In any game, coaches and referees usually agree on several things:
- The time of the game
- The location of the game
- The teams playing in the game
That’s a little flippant, but it can seem that any mutual interests of coaches and referees are going to be few and far between, for good reason. Referees often train on their own outside of association meetings. Coaches learn from working as assistants or through peers via social interactions and workshops. Both earn knowledge through experience, although certainly not shared experience.
The buzzwords given during interviews would seem to enjoin the two professions – ‘consistency,’ ‘fairness,’ ‘communication.’ Words that seem to have similar meanings, but actually don’t in our world because coaches actually care about who wins.
If you get beyond the superficial interactions and differing objectives, however, we actually agree on some very important things. We agree on the language used. Rule 4 spells out the shared language of basketball, and every other sport has a rule chapter based in definitions. Part of the officiating assignment is to provide definitions to coaches when there’s confusion, in a manner suited to the conference room (and not the bar-room). When the coach insists his player was executing a ‘speed dribble,’ our job is to redefine the travel rule and illustrate why this particular instance was a violation. Using the term “By Rule…” is taught in every officiating camp, and while coaches may seem to tire of the terminology, you can’t go wrong when quoting what’s right.
This communication is therefore the most important universal for referees and coaches. In today’s game, especially at the higher levels, coach understanding of the game is quite competent, forcing officials to be soundly based in a deep knowledge of the rules. Teachers must know their subject matter deeply, of course, but then they learn how to break the matter into lesson plans comprised of small easily edible bits of information for the learner. Officials must have this educational psychology as well. Too often referees come to depend on a series of ‘one liners’ to fall back upon when questioned. The coach points out “It’s 8 to 3 on fouls, ref!” Followed more than not by the supposedly clever “Hey, I’m not a mathamatician, coach!”
For too many years (and from too many YouTube NBA videos), the mistaken belief becomes ‘if we can make the coaches laugh, we’ve done a great job.’
Surprisingly, this isn’t true when it comes to definition, game communication, or call explanations. Unsurprisingly, referees overall don’t want to be armed with quips and clever sayings. When the coach says “It’s 8 to 3 on fouls, ref!” they don’t want to hear your cute comeback. To be honest, we don’t want to speak in jokes, either. Our true response in our heads is “Well, stop your team from fouling so much!”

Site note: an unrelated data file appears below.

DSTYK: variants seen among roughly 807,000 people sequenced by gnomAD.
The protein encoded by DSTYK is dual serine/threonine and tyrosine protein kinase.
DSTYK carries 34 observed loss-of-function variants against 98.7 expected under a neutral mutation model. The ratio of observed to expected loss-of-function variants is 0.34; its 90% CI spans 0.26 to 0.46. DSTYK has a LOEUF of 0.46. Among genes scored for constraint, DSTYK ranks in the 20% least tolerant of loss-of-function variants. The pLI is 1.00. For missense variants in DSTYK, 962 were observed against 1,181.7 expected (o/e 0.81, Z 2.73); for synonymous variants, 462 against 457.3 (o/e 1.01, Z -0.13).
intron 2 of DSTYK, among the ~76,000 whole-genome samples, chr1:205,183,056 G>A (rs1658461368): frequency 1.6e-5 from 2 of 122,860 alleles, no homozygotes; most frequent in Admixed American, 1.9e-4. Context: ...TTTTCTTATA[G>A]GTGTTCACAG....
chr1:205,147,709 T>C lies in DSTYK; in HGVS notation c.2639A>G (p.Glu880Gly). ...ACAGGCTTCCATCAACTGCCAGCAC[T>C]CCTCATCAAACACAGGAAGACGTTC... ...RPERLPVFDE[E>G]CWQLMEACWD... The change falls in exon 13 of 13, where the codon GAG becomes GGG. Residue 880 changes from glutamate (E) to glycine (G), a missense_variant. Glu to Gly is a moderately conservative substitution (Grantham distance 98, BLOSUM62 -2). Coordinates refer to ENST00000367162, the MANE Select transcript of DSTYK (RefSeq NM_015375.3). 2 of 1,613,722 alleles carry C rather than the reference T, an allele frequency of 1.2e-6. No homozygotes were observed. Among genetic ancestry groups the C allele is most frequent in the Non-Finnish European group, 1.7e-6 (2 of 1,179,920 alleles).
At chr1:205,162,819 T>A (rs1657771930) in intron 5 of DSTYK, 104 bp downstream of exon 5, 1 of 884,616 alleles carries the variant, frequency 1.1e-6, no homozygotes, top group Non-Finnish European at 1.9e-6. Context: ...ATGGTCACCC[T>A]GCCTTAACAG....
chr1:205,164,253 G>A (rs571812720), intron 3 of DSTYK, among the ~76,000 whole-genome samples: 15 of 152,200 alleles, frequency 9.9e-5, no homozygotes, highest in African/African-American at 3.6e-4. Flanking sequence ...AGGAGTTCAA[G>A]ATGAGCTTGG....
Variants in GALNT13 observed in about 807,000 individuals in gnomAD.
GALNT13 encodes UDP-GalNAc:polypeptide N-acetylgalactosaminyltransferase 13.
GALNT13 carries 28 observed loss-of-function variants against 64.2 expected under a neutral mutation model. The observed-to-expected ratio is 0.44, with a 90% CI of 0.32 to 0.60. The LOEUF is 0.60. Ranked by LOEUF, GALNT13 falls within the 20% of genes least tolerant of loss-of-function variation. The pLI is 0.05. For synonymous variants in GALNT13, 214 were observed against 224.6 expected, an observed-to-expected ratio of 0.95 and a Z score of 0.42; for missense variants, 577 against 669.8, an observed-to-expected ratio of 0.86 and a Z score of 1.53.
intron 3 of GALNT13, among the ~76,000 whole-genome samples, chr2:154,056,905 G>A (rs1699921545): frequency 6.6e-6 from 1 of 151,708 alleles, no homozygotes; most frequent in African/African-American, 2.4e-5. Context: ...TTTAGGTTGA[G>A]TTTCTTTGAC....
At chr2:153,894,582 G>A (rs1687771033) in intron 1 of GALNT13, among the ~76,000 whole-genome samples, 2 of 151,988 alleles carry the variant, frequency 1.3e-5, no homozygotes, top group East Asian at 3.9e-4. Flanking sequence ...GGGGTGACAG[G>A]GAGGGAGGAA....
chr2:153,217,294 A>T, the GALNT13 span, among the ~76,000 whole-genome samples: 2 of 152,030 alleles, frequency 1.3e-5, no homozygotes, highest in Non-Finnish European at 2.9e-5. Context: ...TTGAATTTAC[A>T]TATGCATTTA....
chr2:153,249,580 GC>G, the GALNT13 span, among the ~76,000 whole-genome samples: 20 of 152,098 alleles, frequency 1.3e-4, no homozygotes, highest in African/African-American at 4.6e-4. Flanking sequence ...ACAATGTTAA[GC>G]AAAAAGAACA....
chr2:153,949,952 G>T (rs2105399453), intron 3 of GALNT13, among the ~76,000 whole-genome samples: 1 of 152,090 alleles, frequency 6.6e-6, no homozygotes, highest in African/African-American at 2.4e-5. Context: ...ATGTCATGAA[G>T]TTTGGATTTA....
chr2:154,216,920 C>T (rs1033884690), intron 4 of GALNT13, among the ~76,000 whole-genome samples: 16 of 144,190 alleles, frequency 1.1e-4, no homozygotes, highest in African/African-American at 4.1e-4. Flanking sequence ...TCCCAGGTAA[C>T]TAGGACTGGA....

Coaches actually want an honest reply. What they don’t want is to be demeaned in any way. So we must strive to speak to coaches as if in a corporate board meeting, providing honesty without condescension. We must be able to earnestly educate the coach who seriously seems to misunderstand the call on the floor. We must also respect every coach and player as if we were college educators dealing with peers, administrators, and students.
The proper communication, broken down into bite-sized bits where necessary, using the shared language of the game, is step one towards gaining consistency and ‘fairness’ throughout the contest. Your whistle is a strong communicative tool, as are your signals. They should be presented evenly and consistently, as a teacher’s voice needn’t be raised to any student, even during disciplinary actions.
Use that composed demeanor when calling and explaining fouls and violations. A bit more ease and acceptable workplace humor when in casual conversation. The whistle should start strong, the signals more demonstrative than you think, consistent throughout the game, no matter the score or situation.
When called upon in a professional demeanor, we respond with thoughtful and quick answers. When chastised unnecessarily by someone reacting emotionally, we try to ignore the behavior. When distracted from our work, we present even and tempered discipline exactly as called for by the shared documents provided to all coaches and officials before the season.
Step out of that organizational structure, and now you’re the problem. Now you’re the cause of more emotions, more distractions, and when in error, a violation of the core value of the game – the agreed upon rules.
In the end, the core of your success as an official really is about those crucial elements coaches and officials may define differently but absolutely agree upon: Consistency. Fairness. Communication. Caring about the game in front of us, about the people we’re serving. A shared knowledge of the rules and language of the game.
And most importantly, agreeing to walk away with no hard feelings whatsoever. Postgame we usually discuss the coaches. Certainly coaches talk about officials almost endlessly.
But when the stripes walk onto the floor, and the coach sends his teams forward, we agree on much more than we disagree.
Respect that, and you’ll win the game. No matter which team scores more.
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